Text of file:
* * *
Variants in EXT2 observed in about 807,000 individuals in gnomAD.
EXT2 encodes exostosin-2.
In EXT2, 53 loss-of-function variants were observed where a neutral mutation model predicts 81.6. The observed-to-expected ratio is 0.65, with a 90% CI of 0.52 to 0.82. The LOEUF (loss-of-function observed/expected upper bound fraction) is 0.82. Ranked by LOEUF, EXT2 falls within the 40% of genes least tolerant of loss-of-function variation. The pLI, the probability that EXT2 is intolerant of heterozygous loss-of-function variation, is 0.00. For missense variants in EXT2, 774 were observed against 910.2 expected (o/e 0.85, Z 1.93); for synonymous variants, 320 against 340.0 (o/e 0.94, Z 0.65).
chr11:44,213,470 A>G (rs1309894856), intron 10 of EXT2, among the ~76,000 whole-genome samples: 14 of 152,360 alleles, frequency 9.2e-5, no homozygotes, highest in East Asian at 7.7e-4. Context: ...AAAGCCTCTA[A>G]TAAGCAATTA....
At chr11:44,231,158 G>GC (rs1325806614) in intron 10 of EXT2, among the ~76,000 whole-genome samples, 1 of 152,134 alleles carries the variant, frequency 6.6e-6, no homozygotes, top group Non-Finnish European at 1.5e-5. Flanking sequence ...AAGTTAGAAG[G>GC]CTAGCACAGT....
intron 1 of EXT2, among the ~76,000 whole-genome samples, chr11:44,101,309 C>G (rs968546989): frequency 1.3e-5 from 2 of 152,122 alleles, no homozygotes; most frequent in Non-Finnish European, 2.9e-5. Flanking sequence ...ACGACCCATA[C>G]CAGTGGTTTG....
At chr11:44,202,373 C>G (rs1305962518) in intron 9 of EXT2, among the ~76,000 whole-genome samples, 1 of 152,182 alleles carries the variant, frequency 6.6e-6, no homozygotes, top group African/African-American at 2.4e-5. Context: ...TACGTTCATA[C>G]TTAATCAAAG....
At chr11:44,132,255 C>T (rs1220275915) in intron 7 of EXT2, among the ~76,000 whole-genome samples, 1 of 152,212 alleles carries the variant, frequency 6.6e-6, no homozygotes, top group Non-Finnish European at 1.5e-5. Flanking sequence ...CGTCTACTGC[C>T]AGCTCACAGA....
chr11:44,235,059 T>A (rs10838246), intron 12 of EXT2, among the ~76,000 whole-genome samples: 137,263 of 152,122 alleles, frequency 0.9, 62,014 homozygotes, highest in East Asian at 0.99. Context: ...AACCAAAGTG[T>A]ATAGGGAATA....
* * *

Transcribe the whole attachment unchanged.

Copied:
Variants in EXT2 observed in about 807,000 individuals in gnomAD.
EXT2 encodes exostosin-2.
In EXT2, 53 loss-of-function variants were observed where a neutral mutation model predicts 81.6. The observed-to-expected ratio is 0.65, with a 90% CI of 0.52 to 0.82. The LOEUF (loss-of-function observed/expected upper bound fraction) is 0.82. Ranked by LOEUF, EXT2 falls within the 40% of genes least tolerant of loss-of-function variation. The pLI, the probability that EXT2 is intolerant of heterozygous loss-of-function variation, is 0.00. For missense variants in EXT2, 774 were observed against 910.2 expected (o/e 0.85, Z 1.93); for synonymous variants, 320 against 340.0 (o/e 0.94, Z 0.65).
chr11:44,213,470 A>G (rs1309894856), intron 10 of EXT2, among the ~76,000 whole-genome samples: 14 of 152,360 alleles, frequency 9.2e-5, no homozygotes, highest in East Asian at 7.7e-4. Context: ...AAAGCCTCTA[A>G]TAAGCAATTA....
At chr11:44,231,158 G>GC (rs1325806614) in intron 10 of EXT2, among the ~76,000 whole-genome samples, 1 of 152,134 alleles carries the variant, frequency 6.6e-6, no homozygotes, top group Non-Finnish European at 1.5e-5. Flanking sequence ...AAGTTAGAAG[G>GC]CTAGCACAGT....
intron 1 of EXT2, among the ~76,000 whole-genome samples, chr11:44,101,309 C>G (rs968546989): frequency 1.3e-5 from 2 of 152,122 alleles, no homozygotes; most frequent in Non-Finnish European, 2.9e-5. Flanking sequence ...ACGACCCATA[C>G]CAGTGGTTTG....
At chr11:44,202,373 C>G (rs1305962518) in intron 9 of EXT2, among the ~76,000 whole-genome samples, 1 of 152,182 alleles carries the variant, frequency 6.6e-6, no homozygotes, top group African/African-American at 2.4e-5. Context: ...TACGTTCATA[C>G]TTAATCAAAG....
At chr11:44,132,255 C>T (rs1220275915) in intron 7 of EXT2, among the ~76,000 whole-genome samples, 1 of 152,212 alleles carries the variant, frequency 6.6e-6, no homozygotes, top group Non-Finnish European at 1.5e-5. Flanking sequence ...CGTCTACTGC[C>T]AGCTCACAGA....
chr11:44,235,059 T>A (rs10838246), intron 12 of EXT2, among the ~76,000 whole-genome samples: 137,263 of 152,122 alleles, frequency 0.9, 62,014 homozygotes, highest in East Asian at 0.99. Context: ...AACCAAAGTG[T>A]ATAGGGAATA....